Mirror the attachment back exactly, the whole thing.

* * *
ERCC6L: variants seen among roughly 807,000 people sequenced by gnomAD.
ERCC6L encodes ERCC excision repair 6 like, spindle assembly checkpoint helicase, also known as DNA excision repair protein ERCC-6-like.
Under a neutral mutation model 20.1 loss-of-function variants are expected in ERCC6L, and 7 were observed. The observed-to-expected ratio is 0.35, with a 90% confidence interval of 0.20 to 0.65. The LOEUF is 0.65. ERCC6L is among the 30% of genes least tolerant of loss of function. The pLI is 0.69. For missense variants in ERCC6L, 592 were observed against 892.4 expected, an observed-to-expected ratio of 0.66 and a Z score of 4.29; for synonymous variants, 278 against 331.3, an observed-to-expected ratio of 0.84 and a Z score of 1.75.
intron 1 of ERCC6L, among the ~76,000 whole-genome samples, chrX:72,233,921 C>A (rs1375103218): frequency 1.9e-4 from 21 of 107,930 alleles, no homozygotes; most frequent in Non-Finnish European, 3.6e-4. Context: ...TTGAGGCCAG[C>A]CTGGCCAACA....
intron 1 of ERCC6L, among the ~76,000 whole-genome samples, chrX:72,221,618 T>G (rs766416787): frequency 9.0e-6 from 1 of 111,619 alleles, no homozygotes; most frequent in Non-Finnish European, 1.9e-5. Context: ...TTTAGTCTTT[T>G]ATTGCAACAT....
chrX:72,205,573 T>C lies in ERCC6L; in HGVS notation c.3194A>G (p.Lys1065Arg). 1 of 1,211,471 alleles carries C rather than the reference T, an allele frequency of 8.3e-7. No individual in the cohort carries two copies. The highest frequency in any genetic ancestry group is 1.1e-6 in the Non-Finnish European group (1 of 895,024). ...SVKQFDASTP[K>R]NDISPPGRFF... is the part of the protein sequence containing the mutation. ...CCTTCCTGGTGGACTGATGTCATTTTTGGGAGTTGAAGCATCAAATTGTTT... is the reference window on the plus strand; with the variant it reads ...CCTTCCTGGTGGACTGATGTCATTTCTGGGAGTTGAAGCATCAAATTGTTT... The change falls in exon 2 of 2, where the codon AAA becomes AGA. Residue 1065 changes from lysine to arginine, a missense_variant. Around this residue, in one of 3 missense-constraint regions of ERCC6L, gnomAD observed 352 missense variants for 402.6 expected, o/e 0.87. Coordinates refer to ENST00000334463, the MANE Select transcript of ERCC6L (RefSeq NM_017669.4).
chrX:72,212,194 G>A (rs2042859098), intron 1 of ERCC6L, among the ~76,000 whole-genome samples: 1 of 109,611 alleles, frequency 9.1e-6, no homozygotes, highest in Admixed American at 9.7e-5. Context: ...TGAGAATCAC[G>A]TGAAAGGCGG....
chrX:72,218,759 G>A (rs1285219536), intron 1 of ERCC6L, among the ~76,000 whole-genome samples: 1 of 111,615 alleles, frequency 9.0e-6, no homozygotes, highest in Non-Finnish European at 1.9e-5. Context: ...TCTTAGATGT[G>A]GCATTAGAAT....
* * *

ERCC6L: variants seen among roughly 807,000 people sequenced by gnomAD.
ERCC6L encodes ERCC excision repair 6 like, spindle assembly checkpoint helicase, also known as DNA excision repair protein ERCC-6-like.
Under a neutral mutation model 20.1 loss-of-function variants are expected in ERCC6L, and 7 were observed. The observed-to-expected ratio is 0.35, with a 90% confidence interval of 0.20 to 0.65. The LOEUF is 0.65. ERCC6L is among the 30% of genes least tolerant of loss of function. The pLI is 0.69. For missense variants in ERCC6L, 592 were observed against 892.4 expected, an observed-to-expected ratio of 0.66 and a Z score of 4.29; for synonymous variants, 278 against 331.3, an observed-to-expected ratio of 0.84 and a Z score of 1.75.
intron 1 of ERCC6L, among the ~76,000 whole-genome samples, chrX:72,233,921 C>A (rs1375103218): frequency 1.9e-4 from 21 of 107,930 alleles, no homozygotes; most frequent in Non-Finnish European, 3.6e-4. Context: ...TTGAGGCCAG[C>A]CTGGCCAACA....
intron 1 of ERCC6L, among the ~76,000 whole-genome samples, chrX:72,221,618 T>G (rs766416787): frequency 9.0e-6 from 1 of 111,619 alleles, no homozygotes; most frequent in Non-Finnish European, 1.9e-5. Context: ...TTTAGTCTTT[T>G]ATTGCAACAT....
chrX:72,205,573 T>C lies in ERCC6L; in HGVS notation c.3194A>G (p.Lys1065Arg). 1 of 1,211,471 alleles carries C rather than the reference T, an allele frequency of 8.3e-7. No individual in the cohort carries two copies. The highest frequency in any genetic ancestry group is 1.1e-6 in the Non-Finnish European group (1 of 895,024). ...SVKQFDASTP[K>R]NDISPPGRFF... is the part of the protein sequence containing the mutation. ...CCTTCCTGGTGGACTGATGTCATTTTTGGGAGTTGAAGCATCAAATTGTTT... is the reference window on the plus strand; with the variant it reads ...CCTTCCTGGTGGACTGATGTCATTTCTGGGAGTTGAAGCATCAAATTGTTT... The change falls in exon 2 of 2, where the codon AAA becomes AGA. Residue 1065 changes from lysine to arginine, a missense_variant. Around this residue, in one of 3 missense-constraint regions of ERCC6L, gnomAD observed 352 missense variants for 402.6 expected, o/e 0.87. Coordinates refer to ENST00000334463, the MANE Select transcript of ERCC6L (RefSeq NM_017669.4).
chrX:72,212,194 G>A (rs2042859098), intron 1 of ERCC6L, among the ~76,000 whole-genome samples: 1 of 109,611 alleles, frequency 9.1e-6, no homozygotes, highest in Admixed American at 9.7e-5. Context: ...TGAGAATCAC[G>A]TGAAAGGCGG....
chrX:72,218,759 G>A (rs1285219536), intron 1 of ERCC6L, among the ~76,000 whole-genome samples: 1 of 111,615 alleles, frequency 9.0e-6, no homozygotes, highest in Non-Finnish European at 1.9e-5. Context: ...TCTTAGATGT[G>A]GCATTAGAAT....